Dec. 5 (Bloomberg) -- The Australian and New Zealand dollars rose after Italy’s Cabinet approved austerity and growth measures before a summit on Europe’s debt crisis, supporting demand for riskier assets.
New Zealand’s currency was 0.6 percent from a three-week high against the yen before a report today forecast to show services industries in the U.S. expanded in November. Gains in the so-called Aussie may be limited on speculation the Reserve Bank of Australia will cut interest rates when it meets tomorrow.
“We’re seeing some improvement in sentiment” on Italy’s austerity plan, said Emma Lawson, a currency strategist at National Australia Bank Ltd. in Sydney. “We’ll be watching data and announcements heading into the European meeting. We’re neutral” on the Aussie and kiwi this week, she said.
Australia’s dollar advanced 0.1 percent to $1.0228 as of 2:11 p.m. in Sydney from last week in New York. The currency fetched 79.74 yen from 79.67 yen on Dec. 2. New Zealand’s currency strengthened 0.1 percent to 77.81 U.S. cents. The so-called kiwi dollar traded at 60.67 yen from 60.61 yen on Dec. 2, when it touched 61.12 yen, the highest since Nov. 14.
Italian Prime Minister Mario Monti announced 30 billion euros ($40 billion) of austerity and growth measures yesterday, a day earlier than planned, as he seeks to cut the euro-region’s second-biggest debt and prevent a breakup of the euro. He will present the package, which includes more than 12 billion euros in spending cuts, to both houses of parliament today.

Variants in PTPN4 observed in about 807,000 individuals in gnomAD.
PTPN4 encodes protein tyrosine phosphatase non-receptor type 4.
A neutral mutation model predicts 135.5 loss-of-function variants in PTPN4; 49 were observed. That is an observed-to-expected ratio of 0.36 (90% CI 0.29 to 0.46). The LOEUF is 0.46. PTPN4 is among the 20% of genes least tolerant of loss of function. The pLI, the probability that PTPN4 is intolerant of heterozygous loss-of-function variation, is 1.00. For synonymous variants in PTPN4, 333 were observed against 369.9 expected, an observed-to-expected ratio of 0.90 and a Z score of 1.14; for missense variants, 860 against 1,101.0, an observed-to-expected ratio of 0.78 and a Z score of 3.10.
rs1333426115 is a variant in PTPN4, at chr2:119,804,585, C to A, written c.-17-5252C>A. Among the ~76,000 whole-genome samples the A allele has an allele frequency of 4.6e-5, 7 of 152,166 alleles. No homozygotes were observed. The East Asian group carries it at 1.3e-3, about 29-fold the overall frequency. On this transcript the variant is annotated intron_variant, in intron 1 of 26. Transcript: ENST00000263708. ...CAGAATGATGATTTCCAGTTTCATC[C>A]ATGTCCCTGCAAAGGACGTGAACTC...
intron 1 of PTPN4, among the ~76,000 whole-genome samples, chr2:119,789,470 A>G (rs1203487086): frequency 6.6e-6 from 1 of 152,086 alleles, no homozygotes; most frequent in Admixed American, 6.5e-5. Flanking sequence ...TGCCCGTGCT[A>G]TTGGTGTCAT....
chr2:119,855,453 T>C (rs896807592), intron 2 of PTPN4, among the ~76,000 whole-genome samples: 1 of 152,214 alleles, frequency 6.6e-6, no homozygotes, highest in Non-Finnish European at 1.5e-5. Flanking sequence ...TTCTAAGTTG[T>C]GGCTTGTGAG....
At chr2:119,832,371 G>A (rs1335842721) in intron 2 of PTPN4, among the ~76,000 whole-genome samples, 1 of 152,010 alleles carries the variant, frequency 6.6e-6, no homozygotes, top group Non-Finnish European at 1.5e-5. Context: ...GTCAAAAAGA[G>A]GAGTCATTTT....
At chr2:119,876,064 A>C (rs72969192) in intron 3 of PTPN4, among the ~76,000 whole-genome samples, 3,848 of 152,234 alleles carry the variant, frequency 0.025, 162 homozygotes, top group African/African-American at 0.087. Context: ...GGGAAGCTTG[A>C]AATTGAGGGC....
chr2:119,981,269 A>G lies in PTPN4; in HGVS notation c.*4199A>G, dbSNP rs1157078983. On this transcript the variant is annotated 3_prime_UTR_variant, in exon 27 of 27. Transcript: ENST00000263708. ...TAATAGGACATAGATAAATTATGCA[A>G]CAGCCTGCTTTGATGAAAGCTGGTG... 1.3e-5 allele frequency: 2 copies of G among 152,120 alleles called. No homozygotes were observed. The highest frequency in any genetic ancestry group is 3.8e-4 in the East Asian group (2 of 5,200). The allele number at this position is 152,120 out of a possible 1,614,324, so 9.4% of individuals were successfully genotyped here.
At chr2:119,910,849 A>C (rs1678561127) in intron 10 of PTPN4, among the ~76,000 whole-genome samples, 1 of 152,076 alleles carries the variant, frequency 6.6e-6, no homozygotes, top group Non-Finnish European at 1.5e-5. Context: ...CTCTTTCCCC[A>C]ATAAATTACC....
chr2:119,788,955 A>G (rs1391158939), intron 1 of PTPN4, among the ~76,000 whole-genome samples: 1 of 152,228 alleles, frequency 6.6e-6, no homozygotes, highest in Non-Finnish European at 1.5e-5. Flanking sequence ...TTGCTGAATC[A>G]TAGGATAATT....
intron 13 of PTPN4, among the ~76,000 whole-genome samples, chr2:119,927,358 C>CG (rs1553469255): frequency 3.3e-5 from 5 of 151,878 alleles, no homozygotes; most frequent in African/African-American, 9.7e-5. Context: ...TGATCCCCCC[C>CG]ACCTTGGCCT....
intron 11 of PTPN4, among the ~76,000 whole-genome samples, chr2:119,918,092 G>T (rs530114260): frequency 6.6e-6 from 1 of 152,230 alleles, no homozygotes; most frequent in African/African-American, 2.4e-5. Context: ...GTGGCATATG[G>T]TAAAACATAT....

German Chancellor Angela Merkel and French President Nicolas Sarkozy will meet before the European Union summit this week in an attempt to bridge differences on a crisis resolution.
The Institute for Supply Management’s index for services industry in the U.S. rose to 53.8 last month from 52.9 in October, according to the median forecast of economists surveyed by Bloomberg News before the Tempe, Arizona based-group’s report.
“We have seen improvement in U.S. economic data across the board, so we expect that to continue,” said NAB’s Lawson. “That should help confidence in the global economy and help” currencies such as the Aussie and kiwi.
Gains in the Australian dollar were limited after a private report showed the country’s annual inflation rate fell to a two-year low in November.
Consumer prices in Australia rose 2.1 percent last month from a year earlier, compared with a 2.6 percent annual gain in October, according to an index compiled by TD Securities Inc. and the Melbourne Institute released in Sydney today.
Australia’s central bank aims to hold annual inflation in a 2 percent to 3 percent range.
“Odds have shortened for” a 25 basis points cut by the RBA tomorrow, Besa Deda, chief economist at St. George Bank Ltd. in Sydney, wrote in a research note today. “Soft patches in the domestic economy are yet to make a marked recovery.”
Australia’s benchmark rates will drop to 4 percent next year, Deda forecast.
A Credit Suisse Group AG index based on swaps shows an 87 percent chance Reserve Bank’s cash rate will be cut from 4.5 percent to 4.25 percent.
Higher rates in Australia and New Zealand, compared with as low as zero in the U.S. and Japan, attract investors to the South Pacific nations’ higher-yielding assets. The risk in such trades is that currency market moves will erase profits.
New Zealand’s official cash rate is 2.5 percent. The Reserve Bank of New Zealand holds a policy meeting on Dec. 8.
The nation’s two-year swap rate, a fixed payment made to receive floating rates which is sensitive to interest-rate expectations, was unchanged at 2.88 percent.
Australia’s government bonds advanced, with yields on the 10-year debt falling two basis points to 3.98 percent.
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